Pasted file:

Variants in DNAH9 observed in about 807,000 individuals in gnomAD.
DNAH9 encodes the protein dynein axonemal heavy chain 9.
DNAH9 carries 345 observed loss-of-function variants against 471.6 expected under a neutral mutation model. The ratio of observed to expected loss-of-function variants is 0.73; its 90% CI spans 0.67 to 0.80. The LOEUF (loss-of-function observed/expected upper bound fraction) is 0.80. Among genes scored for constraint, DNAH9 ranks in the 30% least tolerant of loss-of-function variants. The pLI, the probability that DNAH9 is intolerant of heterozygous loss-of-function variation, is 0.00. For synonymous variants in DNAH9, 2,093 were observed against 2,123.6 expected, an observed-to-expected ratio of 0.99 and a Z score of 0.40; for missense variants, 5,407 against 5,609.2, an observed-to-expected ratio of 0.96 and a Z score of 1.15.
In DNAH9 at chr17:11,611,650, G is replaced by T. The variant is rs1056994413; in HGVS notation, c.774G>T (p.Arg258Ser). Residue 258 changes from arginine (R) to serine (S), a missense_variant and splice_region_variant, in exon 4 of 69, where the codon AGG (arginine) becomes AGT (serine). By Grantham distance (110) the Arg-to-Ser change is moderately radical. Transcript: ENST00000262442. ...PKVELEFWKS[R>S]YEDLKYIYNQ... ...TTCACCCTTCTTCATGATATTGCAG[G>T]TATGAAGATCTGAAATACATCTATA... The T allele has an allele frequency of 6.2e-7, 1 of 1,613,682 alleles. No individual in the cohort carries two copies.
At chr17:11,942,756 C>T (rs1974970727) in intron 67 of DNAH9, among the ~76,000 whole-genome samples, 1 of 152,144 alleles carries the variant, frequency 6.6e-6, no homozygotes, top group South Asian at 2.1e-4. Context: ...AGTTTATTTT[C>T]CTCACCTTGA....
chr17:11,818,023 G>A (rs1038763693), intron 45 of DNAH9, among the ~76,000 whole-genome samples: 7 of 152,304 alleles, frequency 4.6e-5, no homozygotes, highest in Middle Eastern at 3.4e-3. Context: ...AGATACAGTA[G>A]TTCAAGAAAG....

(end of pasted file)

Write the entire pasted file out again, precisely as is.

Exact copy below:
Variants in DNAH9 observed in about 807,000 individuals in gnomAD.
DNAH9 encodes the protein dynein axonemal heavy chain 9.
DNAH9 carries 345 observed loss-of-function variants against 471.6 expected under a neutral mutation model. The ratio of observed to expected loss-of-function variants is 0.73; its 90% CI spans 0.67 to 0.80. The LOEUF (loss-of-function observed/expected upper bound fraction) is 0.80. Among genes scored for constraint, DNAH9 ranks in the 30% least tolerant of loss-of-function variants. The pLI, the probability that DNAH9 is intolerant of heterozygous loss-of-function variation, is 0.00. For synonymous variants in DNAH9, 2,093 were observed against 2,123.6 expected, an observed-to-expected ratio of 0.99 and a Z score of 0.40; for missense variants, 5,407 against 5,609.2, an observed-to-expected ratio of 0.96 and a Z score of 1.15.
In DNAH9 at chr17:11,611,650, G is replaced by T. The variant is rs1056994413; in HGVS notation, c.774G>T (p.Arg258Ser). Residue 258 changes from arginine (R) to serine (S), a missense_variant and splice_region_variant, in exon 4 of 69, where the codon AGG (arginine) becomes AGT (serine). By Grantham distance (110) the Arg-to-Ser change is moderately radical. Transcript: ENST00000262442. ...PKVELEFWKS[R>S]YEDLKYIYNQ... ...TTCACCCTTCTTCATGATATTGCAG[G>T]TATGAAGATCTGAAATACATCTATA... The T allele has an allele frequency of 6.2e-7, 1 of 1,613,682 alleles. No individual in the cohort carries two copies.
At chr17:11,942,756 C>T (rs1974970727) in intron 67 of DNAH9, among the ~76,000 whole-genome samples, 1 of 152,144 alleles carries the variant, frequency 6.6e-6, no homozygotes, top group South Asian at 2.1e-4. Context: ...AGTTTATTTT[C>T]CTCACCTTGA....
chr17:11,818,023 G>A (rs1038763693), intron 45 of DNAH9, among the ~76,000 whole-genome samples: 7 of 152,304 alleles, frequency 4.6e-5, no homozygotes, highest in Middle Eastern at 3.4e-3. Context: ...AGATACAGTA[G>A]TTCAAGAAAG....